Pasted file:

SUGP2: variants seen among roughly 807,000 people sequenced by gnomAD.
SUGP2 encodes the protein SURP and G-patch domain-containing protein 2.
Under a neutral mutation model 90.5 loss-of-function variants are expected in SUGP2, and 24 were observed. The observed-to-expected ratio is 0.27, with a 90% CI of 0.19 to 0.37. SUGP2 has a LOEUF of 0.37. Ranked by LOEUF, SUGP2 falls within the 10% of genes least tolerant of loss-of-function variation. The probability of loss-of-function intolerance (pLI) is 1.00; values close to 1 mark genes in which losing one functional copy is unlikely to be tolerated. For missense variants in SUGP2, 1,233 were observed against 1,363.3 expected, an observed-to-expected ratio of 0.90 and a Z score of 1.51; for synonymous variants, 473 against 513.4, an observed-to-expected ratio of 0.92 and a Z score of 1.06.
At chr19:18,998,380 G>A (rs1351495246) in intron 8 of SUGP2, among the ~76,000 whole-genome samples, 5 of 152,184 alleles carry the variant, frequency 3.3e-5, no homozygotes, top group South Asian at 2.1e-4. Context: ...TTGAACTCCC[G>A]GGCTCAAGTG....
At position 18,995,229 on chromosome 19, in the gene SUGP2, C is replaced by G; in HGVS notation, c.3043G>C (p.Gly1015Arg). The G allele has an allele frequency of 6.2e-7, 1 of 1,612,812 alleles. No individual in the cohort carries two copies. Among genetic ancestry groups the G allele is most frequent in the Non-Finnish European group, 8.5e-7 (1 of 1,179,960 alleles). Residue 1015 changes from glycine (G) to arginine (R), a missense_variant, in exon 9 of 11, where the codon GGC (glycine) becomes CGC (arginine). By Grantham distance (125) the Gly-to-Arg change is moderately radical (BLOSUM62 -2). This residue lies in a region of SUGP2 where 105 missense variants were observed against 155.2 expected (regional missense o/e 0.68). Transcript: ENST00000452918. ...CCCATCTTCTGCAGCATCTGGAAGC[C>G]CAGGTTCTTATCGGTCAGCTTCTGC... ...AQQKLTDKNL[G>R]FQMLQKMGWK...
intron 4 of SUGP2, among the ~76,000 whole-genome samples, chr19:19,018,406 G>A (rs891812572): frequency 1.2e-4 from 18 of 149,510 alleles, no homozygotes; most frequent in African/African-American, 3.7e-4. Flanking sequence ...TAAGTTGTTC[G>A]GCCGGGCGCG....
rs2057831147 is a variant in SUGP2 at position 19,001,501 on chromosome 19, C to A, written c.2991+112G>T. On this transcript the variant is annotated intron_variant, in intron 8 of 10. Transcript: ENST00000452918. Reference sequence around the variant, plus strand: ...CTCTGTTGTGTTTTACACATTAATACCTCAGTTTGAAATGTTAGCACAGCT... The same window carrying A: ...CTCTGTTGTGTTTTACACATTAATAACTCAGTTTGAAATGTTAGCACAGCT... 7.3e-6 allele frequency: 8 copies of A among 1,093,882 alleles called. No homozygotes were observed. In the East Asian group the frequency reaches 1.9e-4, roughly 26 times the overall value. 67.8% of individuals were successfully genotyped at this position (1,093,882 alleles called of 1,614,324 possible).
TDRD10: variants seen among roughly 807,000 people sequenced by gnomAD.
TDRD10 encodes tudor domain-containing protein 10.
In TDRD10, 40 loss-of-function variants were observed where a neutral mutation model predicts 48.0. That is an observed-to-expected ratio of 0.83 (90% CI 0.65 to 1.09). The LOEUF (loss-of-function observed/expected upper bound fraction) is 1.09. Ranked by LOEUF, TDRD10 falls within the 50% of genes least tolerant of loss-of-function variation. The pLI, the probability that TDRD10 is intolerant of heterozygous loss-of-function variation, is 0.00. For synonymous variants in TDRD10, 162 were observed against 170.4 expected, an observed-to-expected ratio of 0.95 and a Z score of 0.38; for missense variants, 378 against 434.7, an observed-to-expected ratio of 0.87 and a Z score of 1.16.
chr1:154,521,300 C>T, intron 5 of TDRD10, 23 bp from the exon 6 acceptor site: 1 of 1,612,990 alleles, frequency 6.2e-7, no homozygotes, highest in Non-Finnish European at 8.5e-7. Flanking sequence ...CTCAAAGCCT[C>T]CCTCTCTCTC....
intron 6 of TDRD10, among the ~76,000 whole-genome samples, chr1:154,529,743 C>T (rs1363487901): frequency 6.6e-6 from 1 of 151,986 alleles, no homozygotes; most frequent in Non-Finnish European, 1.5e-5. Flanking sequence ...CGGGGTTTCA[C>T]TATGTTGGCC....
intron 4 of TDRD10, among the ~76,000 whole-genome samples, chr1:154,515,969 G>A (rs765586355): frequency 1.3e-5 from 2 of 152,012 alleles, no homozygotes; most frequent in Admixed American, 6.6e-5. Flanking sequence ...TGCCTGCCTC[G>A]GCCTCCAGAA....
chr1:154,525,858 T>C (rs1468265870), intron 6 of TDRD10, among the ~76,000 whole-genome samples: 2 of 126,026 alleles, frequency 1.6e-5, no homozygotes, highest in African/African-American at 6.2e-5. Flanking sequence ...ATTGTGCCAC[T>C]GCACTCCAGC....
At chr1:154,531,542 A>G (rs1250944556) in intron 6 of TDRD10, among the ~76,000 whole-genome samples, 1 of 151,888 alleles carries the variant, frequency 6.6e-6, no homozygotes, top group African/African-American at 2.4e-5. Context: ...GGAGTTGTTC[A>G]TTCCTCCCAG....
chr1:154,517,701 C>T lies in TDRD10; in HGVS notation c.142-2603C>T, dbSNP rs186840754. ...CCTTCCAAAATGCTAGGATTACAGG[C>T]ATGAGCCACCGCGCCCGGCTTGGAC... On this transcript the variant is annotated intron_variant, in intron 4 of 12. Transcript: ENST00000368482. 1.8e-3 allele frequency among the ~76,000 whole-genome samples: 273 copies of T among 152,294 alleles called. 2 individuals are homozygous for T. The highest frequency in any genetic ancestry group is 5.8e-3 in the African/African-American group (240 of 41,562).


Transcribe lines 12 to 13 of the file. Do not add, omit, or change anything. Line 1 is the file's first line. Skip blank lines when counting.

intron 6 of TDRD10, among the ~76,000 whole-genome samples, chr1:154,529,743 C>T (rs1363487901): frequency 6.6e-6 from 1 of 151,986 alleles, no homozygotes; most frequent in Non-Finnish European, 1.5e-5. Flanking sequence ...CGGGGTTTCA[C>T]TATGTTGGCC....
intron 4 of TDRD10, among the ~76,000 whole-genome samples, chr1:154,515,969 G>A (rs765586355): frequency 1.3e-5 from 2 of 152,012 alleles, no homozygotes; most frequent in Admixed American, 6.6e-5. Flanking sequence ...TGCCTGCCTC[G>A]GCCTCCAGAA....